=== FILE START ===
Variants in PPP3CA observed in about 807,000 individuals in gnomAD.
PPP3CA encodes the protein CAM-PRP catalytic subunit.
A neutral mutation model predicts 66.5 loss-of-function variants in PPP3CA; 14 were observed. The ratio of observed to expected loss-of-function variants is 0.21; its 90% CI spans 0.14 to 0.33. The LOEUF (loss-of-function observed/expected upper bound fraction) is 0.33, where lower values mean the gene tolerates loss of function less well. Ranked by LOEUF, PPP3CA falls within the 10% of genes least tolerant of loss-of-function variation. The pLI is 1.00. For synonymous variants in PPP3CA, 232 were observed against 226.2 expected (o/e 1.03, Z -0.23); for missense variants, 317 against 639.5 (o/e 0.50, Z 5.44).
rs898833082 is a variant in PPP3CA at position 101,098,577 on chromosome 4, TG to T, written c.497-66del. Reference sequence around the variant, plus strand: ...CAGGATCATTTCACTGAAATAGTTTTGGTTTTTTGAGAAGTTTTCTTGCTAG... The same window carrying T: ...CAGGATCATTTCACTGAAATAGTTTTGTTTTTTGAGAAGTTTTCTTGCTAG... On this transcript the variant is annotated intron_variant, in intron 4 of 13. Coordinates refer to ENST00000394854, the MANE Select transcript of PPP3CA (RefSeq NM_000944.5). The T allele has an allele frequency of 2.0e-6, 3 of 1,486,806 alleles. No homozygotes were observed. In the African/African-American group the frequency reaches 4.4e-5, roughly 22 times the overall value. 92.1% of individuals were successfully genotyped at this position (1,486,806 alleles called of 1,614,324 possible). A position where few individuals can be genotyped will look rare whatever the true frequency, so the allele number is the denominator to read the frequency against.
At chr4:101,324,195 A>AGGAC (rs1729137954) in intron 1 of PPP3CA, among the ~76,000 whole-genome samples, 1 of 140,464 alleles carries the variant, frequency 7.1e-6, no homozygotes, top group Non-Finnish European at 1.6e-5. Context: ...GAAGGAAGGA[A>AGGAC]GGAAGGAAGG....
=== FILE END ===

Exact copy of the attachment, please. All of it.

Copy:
Variants in PPP3CA observed in about 807,000 individuals in gnomAD.
PPP3CA encodes the protein CAM-PRP catalytic subunit.
A neutral mutation model predicts 66.5 loss-of-function variants in PPP3CA; 14 were observed. The ratio of observed to expected loss-of-function variants is 0.21; its 90% CI spans 0.14 to 0.33. The LOEUF (loss-of-function observed/expected upper bound fraction) is 0.33, where lower values mean the gene tolerates loss of function less well. Ranked by LOEUF, PPP3CA falls within the 10% of genes least tolerant of loss-of-function variation. The pLI is 1.00. For synonymous variants in PPP3CA, 232 were observed against 226.2 expected (o/e 1.03, Z -0.23); for missense variants, 317 against 639.5 (o/e 0.50, Z 5.44).
rs898833082 is a variant in PPP3CA at position 101,098,577 on chromosome 4, TG to T, written c.497-66del. Reference sequence around the variant, plus strand: ...CAGGATCATTTCACTGAAATAGTTTTGGTTTTTTGAGAAGTTTTCTTGCTAG... The same window carrying T: ...CAGGATCATTTCACTGAAATAGTTTTGTTTTTTGAGAAGTTTTCTTGCTAG... On this transcript the variant is annotated intron_variant, in intron 4 of 13. Coordinates refer to ENST00000394854, the MANE Select transcript of PPP3CA (RefSeq NM_000944.5). The T allele has an allele frequency of 2.0e-6, 3 of 1,486,806 alleles. No homozygotes were observed. In the African/African-American group the frequency reaches 4.4e-5, roughly 22 times the overall value. 92.1% of individuals were successfully genotyped at this position (1,486,806 alleles called of 1,614,324 possible). A position where few individuals can be genotyped will look rare whatever the true frequency, so the allele number is the denominator to read the frequency against.
At chr4:101,324,195 A>AGGAC (rs1729137954) in intron 1 of PPP3CA, among the ~76,000 whole-genome samples, 1 of 140,464 alleles carries the variant, frequency 7.1e-6, no homozygotes, top group Non-Finnish European at 1.6e-5. Context: ...GAAGGAAGGA[A>AGGAC]GGAAGGAAGG....